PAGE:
Dang Zhongxin: Breathing New Life into an Antique Opera

By staff reporter JIAO FENG

Dang Zhongxin was born to a farming family in Heyang County, Weinan City of Shaanxi Province. Influenced by his family’s interests, he began to learn the art of the indigenous Hop Opera at a young age. With his exquisite makeup and outstanding performing skills, Dang was a firm favorite with local audiences. During the “cultural revolution” (1966-1976), Dang risked his personal safety to rescue more than 30 volumes of antique opera scripts from being burnt. In recognition of his devotion to this ancient art form, in 2009, he was nominated an inheritor of national intangible cultural heritage.

The reporter met Dang Zhongxin in a newly opened nursing home in Heyang County. The 67-year-old and his wife live beside the main gate on the ground floor. This is particularly convenient for his new job as janitor.

The couple moved to the town at their son’s suggestion, as they were getting too old to grow crops. Instead of sitting bored at home, Dang soon found a job as a janitor. “In our village, we would often visit our neighbors and talk with people we met. When we moved to town, we didn’t know anyone. It was boring and lonely for us. But my job means I can meet and interact with people daily.”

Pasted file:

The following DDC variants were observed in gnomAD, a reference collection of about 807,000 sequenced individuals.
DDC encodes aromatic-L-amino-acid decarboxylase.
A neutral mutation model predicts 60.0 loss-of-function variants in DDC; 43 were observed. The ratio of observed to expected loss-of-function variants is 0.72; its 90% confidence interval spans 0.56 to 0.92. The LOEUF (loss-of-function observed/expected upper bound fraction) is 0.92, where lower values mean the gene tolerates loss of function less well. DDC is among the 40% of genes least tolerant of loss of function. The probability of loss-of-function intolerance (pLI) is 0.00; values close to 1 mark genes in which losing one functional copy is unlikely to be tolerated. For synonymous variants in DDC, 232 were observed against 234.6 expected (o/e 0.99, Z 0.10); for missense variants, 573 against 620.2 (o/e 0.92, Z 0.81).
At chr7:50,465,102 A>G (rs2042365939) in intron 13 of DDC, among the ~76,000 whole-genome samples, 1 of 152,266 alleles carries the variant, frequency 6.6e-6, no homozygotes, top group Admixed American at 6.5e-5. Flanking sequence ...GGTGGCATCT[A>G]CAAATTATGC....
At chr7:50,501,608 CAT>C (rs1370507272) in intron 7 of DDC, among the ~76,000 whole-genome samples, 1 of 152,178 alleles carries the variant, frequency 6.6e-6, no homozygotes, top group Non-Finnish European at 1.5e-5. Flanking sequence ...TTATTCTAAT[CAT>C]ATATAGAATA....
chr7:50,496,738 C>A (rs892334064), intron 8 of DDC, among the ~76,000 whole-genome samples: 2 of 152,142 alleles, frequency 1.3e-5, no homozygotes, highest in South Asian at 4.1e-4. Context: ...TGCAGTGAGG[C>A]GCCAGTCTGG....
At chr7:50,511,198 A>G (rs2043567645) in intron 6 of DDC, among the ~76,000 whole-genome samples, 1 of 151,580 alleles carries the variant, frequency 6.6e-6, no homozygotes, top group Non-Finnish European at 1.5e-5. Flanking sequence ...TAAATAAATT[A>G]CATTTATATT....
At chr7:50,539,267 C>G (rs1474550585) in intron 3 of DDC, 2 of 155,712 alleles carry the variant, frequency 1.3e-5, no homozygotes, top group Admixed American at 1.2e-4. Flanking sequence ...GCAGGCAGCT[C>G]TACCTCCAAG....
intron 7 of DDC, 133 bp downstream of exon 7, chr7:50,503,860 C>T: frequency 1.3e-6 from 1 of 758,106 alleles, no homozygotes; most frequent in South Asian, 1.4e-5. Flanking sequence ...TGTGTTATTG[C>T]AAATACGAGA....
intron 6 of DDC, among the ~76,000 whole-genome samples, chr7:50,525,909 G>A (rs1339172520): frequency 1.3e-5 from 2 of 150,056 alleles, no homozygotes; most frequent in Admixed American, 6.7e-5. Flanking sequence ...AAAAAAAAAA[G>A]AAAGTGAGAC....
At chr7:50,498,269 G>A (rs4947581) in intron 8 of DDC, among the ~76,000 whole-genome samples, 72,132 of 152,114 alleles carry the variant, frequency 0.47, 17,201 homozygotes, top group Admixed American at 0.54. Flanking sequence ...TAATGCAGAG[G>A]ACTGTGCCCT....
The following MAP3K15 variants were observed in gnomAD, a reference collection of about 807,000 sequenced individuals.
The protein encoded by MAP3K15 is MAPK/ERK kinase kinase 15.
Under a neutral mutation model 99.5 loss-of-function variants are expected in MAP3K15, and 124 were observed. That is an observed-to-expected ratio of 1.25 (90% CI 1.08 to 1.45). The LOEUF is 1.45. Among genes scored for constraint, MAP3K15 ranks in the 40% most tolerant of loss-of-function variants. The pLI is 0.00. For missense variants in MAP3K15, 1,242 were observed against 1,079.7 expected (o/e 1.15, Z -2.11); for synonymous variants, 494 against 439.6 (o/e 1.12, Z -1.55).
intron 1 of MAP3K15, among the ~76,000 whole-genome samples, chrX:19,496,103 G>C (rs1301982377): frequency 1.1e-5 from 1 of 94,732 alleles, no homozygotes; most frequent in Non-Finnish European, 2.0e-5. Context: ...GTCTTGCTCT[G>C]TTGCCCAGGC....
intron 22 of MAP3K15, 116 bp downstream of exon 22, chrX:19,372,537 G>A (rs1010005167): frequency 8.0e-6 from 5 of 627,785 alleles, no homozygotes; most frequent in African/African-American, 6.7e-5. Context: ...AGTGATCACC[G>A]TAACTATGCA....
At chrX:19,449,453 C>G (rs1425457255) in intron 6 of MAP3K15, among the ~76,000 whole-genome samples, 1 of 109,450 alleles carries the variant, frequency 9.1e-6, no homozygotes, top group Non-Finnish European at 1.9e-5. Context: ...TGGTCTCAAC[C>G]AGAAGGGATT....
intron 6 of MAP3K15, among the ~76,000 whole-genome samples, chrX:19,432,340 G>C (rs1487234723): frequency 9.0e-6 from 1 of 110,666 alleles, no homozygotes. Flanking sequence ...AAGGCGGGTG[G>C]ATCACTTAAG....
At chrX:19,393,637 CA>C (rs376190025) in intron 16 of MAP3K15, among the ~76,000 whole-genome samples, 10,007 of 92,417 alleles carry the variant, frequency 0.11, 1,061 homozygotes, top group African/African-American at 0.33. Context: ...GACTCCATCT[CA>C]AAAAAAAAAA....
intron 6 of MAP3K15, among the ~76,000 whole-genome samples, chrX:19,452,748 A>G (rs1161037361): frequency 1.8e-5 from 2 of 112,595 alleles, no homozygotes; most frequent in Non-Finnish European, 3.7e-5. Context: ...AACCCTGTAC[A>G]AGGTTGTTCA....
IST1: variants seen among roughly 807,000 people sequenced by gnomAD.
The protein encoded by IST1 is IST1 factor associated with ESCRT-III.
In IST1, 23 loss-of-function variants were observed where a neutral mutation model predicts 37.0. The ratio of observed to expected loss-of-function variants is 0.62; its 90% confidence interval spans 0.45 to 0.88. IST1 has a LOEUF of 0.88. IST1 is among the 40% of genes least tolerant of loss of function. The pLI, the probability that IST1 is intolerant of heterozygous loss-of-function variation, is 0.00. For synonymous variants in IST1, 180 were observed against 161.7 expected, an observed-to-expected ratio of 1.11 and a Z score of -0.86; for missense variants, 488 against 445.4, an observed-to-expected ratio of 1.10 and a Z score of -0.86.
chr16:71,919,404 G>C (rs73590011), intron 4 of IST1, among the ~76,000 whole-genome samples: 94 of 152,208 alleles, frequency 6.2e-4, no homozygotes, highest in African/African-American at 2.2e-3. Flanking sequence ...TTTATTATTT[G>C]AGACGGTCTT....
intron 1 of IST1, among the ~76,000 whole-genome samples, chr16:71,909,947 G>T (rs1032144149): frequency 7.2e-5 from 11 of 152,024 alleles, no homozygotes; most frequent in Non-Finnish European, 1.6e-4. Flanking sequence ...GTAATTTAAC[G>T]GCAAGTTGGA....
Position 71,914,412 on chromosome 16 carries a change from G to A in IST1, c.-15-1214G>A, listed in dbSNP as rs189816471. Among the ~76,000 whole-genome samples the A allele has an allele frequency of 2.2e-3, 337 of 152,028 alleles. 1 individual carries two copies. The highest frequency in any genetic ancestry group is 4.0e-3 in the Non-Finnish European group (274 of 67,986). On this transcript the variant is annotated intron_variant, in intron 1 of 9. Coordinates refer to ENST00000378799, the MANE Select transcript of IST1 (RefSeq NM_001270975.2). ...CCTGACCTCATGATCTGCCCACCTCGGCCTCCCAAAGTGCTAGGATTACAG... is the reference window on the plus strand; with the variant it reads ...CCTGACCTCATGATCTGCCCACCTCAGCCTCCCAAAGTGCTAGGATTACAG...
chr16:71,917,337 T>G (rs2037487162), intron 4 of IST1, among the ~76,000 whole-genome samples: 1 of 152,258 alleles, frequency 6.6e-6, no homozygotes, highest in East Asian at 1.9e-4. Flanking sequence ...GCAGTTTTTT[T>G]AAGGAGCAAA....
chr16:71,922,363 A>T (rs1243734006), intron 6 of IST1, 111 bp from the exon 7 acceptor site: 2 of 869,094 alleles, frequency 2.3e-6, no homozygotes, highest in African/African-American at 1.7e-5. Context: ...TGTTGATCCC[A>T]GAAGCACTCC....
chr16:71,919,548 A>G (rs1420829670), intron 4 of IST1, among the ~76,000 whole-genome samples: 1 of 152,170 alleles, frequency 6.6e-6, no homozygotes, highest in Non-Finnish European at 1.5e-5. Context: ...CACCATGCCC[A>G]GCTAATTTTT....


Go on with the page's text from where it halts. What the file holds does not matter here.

Dang Zhongxin, inheritor of Heyang Hop Opera. 


A Living Fossil

Dang was born in Xingjiazhuang, a village 20 miles from Heyang County where the traditional Chinese art form Hop Opera has been performed and admired for centuries.

There are no written records on the origins of this form of opera; its history can be traced to around the 13th century. Unlike other traditional drama forms in China, Hop Opera has neither professional artists nor specialized troupes. Instead it is performed by amateurs for their fellow villagers. It is, thus, a cultural activity specifically for the entertainment of farming communities.

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